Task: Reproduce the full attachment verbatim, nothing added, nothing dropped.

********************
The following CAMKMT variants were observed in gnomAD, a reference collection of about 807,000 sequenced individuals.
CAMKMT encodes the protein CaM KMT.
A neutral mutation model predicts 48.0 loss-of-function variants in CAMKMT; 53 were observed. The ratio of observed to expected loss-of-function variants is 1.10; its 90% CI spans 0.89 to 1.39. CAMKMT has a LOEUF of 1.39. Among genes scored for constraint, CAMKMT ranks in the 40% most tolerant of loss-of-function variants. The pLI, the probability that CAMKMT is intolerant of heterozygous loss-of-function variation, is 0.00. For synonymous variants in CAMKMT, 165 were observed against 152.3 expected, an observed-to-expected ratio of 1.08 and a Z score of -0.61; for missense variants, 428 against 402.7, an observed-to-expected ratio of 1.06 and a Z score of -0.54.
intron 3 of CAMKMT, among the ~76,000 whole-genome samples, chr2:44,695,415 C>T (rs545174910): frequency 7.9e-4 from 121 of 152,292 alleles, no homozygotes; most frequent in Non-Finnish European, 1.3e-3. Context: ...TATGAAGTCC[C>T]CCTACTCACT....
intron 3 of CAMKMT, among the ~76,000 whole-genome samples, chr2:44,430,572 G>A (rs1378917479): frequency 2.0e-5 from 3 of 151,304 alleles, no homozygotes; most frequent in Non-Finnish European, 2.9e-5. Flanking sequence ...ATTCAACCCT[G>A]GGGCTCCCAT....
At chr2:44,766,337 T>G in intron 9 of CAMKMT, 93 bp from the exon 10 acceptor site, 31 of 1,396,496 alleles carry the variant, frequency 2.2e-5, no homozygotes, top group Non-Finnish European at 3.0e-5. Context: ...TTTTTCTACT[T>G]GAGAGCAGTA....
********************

The following CAMKMT variants were observed in gnomAD, a reference collection of about 807,000 sequenced individuals.
CAMKMT encodes the protein CaM KMT.
A neutral mutation model predicts 48.0 loss-of-function variants in CAMKMT; 53 were observed. The ratio of observed to expected loss-of-function variants is 1.10; its 90% CI spans 0.89 to 1.39. CAMKMT has a LOEUF of 1.39. Among genes scored for constraint, CAMKMT ranks in the 40% most tolerant of loss-of-function variants. The pLI, the probability that CAMKMT is intolerant of heterozygous loss-of-function variation, is 0.00. For synonymous variants in CAMKMT, 165 were observed against 152.3 expected, an observed-to-expected ratio of 1.08 and a Z score of -0.61; for missense variants, 428 against 402.7, an observed-to-expected ratio of 1.06 and a Z score of -0.54.
intron 3 of CAMKMT, among the ~76,000 whole-genome samples, chr2:44,695,415 C>T (rs545174910): frequency 7.9e-4 from 121 of 152,292 alleles, no homozygotes; most frequent in Non-Finnish European, 1.3e-3. Context: ...TATGAAGTCC[C>T]CCTACTCACT....
intron 3 of CAMKMT, among the ~76,000 whole-genome samples, chr2:44,430,572 G>A (rs1378917479): frequency 2.0e-5 from 3 of 151,304 alleles, no homozygotes; most frequent in Non-Finnish European, 2.9e-5. Flanking sequence ...ATTCAACCCT[G>A]GGGCTCCCAT....
At chr2:44,766,337 T>G in intron 9 of CAMKMT, 93 bp from the exon 10 acceptor site, 31 of 1,396,496 alleles carry the variant, frequency 2.2e-5, no homozygotes, top group Non-Finnish European at 3.0e-5. Context: ...TTTTTCTACT[T>G]GAGAGCAGTA....